Cheesemaking: Making Goat’s Cheese With Ash


The cheese that is made in this recipe is a lactic type goat’s milk cheese with a covering of salt and finely powdered charcoal. It will change from black to a nice blue-gray to white and bloomy surface.

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Recipe

What You Need

1 Gallon of Goat’s Milk (Not UltraPasteurized)
1 Packet C20G Chevre Culture
1/16 Tsp C8 Penicillium Candidum
2-3 tsp Salt (non-iodized)
1/4-1/2 tsp Charcoal/Ash
Calcium Chloride (for pasteurized milk)

What To Do

1. Firstly, begin by heating the milk to a temperature of 68-72F. If you heat the milk on the stove, make sure you do it slowly and stir it consistently while it heats.

Add the Chevre and P. candidum culture once the milk is at the desired temperature. Sprinkle the powder to prevent it from becoming clumpy and allow it to sit for 2 minutes before stirring it in so it can re-hydrate.

2. There is enough rennet to ensure a proper set. So now let the milk sit for 18-24 hours while the culture gets to work and the rennet coagulates the curd. The thermal mass should keep the milk warm since this is being done at room temperature anyway. It fine if the temperature does drop a few degrees during the time, but find a warmer space if your room is generally cold.

Remember that the longer you let the curd set, the more acid will be produced.

3. Once the curds have been formed, there will be a thin layer of whey over the curd mass and there may be cracks and separation on the sides. You can test with a knife to see if it is ready. It will show a clean break.

You can now move the curds into the molds with a small spoon to allow the whey to drain. You can drain for 8-20 hours at 68-72F. The time amount has a huge range because it is all dependent on what you want for moisture in your final cheese. This means less time for a sweeter and moister cheese or more time for a drier and tangier cheese.

Note that the bacteria is still working and as long as the whey is present it is able to convert the lactose to lactic acid.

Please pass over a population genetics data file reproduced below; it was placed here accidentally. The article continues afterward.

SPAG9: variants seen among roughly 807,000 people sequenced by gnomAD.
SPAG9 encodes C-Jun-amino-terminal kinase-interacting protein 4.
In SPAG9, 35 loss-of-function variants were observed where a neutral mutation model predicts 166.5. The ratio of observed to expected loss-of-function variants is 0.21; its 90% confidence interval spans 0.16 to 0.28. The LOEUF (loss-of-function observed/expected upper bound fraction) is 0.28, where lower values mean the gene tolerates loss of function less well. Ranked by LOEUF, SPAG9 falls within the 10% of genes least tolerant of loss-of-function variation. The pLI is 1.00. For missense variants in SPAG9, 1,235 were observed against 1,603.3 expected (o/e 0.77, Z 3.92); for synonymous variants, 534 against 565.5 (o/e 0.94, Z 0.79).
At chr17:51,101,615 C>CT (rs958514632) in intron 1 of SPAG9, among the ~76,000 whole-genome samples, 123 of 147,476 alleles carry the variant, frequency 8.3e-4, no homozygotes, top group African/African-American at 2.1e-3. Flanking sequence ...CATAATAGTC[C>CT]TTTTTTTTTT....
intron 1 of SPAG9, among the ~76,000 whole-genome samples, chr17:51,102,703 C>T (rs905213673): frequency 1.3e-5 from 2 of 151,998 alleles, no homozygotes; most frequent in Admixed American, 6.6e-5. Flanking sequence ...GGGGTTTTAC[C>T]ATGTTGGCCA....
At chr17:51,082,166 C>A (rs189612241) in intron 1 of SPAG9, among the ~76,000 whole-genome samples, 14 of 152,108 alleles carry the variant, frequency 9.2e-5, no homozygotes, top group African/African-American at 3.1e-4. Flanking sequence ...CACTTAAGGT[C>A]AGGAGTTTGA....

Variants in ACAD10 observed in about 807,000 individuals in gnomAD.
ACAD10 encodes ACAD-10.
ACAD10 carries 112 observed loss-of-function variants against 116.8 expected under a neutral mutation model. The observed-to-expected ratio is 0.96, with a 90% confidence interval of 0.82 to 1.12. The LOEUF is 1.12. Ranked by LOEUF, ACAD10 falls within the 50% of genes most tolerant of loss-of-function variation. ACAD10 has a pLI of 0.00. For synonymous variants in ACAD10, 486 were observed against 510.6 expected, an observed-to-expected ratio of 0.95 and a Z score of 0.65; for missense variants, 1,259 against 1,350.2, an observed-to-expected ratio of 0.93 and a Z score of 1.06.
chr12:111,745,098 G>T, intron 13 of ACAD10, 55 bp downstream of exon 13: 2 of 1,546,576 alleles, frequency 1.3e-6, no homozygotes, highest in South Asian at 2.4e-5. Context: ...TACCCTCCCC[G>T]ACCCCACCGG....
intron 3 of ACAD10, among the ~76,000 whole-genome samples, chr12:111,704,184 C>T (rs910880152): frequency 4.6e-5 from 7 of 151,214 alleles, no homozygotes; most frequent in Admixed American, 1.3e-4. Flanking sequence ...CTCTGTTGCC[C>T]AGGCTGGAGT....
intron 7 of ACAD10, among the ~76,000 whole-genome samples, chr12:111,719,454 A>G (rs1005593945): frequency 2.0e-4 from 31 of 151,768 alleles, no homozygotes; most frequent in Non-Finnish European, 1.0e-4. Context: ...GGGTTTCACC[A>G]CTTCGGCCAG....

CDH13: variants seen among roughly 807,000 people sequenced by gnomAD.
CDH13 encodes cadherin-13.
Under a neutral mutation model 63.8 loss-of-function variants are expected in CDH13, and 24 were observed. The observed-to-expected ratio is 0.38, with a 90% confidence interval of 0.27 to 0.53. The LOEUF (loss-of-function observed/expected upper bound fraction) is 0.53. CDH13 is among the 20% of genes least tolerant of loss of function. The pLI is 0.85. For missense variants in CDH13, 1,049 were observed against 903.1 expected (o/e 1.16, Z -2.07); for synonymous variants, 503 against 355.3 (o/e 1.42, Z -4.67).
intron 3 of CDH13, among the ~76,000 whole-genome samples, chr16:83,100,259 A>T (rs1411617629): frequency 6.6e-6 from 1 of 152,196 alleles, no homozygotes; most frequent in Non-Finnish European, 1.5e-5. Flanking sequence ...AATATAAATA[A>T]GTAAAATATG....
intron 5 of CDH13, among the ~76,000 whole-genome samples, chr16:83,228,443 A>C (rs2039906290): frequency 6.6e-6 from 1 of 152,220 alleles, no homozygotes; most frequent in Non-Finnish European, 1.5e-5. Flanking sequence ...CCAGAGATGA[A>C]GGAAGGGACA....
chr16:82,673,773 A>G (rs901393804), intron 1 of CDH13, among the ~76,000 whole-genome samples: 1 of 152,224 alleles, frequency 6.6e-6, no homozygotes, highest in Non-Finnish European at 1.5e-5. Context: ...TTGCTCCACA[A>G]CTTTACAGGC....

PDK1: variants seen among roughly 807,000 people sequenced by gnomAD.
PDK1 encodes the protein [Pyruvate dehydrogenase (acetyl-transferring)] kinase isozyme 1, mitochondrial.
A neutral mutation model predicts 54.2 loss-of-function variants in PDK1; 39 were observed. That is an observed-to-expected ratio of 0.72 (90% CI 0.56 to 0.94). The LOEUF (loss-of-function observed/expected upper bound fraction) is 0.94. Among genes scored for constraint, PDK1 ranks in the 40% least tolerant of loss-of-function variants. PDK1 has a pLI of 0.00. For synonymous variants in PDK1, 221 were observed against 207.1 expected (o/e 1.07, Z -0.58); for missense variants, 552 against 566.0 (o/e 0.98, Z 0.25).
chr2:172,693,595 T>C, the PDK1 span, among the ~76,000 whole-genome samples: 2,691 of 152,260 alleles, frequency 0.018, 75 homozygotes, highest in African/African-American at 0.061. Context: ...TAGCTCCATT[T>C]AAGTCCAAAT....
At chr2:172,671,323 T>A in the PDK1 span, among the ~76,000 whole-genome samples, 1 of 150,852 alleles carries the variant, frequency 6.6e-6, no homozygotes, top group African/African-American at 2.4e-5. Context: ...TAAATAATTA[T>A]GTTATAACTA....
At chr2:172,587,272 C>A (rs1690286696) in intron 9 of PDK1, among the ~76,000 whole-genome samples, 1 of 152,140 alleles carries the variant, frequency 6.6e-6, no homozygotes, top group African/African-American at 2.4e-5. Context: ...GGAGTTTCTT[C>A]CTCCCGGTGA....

4. To add the ash, you simply need to dust a thin layer of charcoal with no salt after filling the molds about 2/3rds full and then add the rest of the curds.

Once the mold stops dripping whey, it should be firm enough to unmold.

5. The cheese is now ready to be salted. You can mix the charcoal and the salt together. The ratio which is best can be anywhere from 1:5 to 1:8 charcoal to salt ratio, depending on how heavy an ash surface you want on the cheese.

The base salt amount should be about 1 Tsp per cheese and you can apply this by sprinkling about 1/2 per surface. You can even it all out with your hand and spread slightly down the sides. Wait until the salt dissolves and soaks into the cheese body before you salt the other side.

After the salt has been absorbed and no whey drips from the cheese, the cheese can be taken to a space for drying. We are looking for the surface moisture to dry down so that no bright moisture spots can be felt or seen and the surface takes on a matte appearance. This can be done in a room at around 60F with 65-70% moisture. You should place a reed mat or plastic mat under the cheese to allow air movement.

6. Once you have dried the cheese out, it can go to the aging space at 52-56F and 90-95% moisture. This is where it will undergo the final ripening, but must be turned daily to even the moisture and keep the mold from growing into the mats.

After 3 days, you will already see signs of white mold on the surface changing from black to a dusty gray.

After 5 days you will see a full coat develop as the surface becomes light gray as shown in the photo. You would usually see this after 2 weeks when not using charcoal.

After 8-12 days the cheese can be cut as fresh or can be held for several weeks as the surface enzymes continue to work on the proteins, leading to a more complex flavor.

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This entry was posted in Cheese, Cheese Facts, Cheese history, Cheese Recipes, Cheese Rind, Cheese Use, The Shisler's Family and tagged , , , , , , . Bookmark the permalink.

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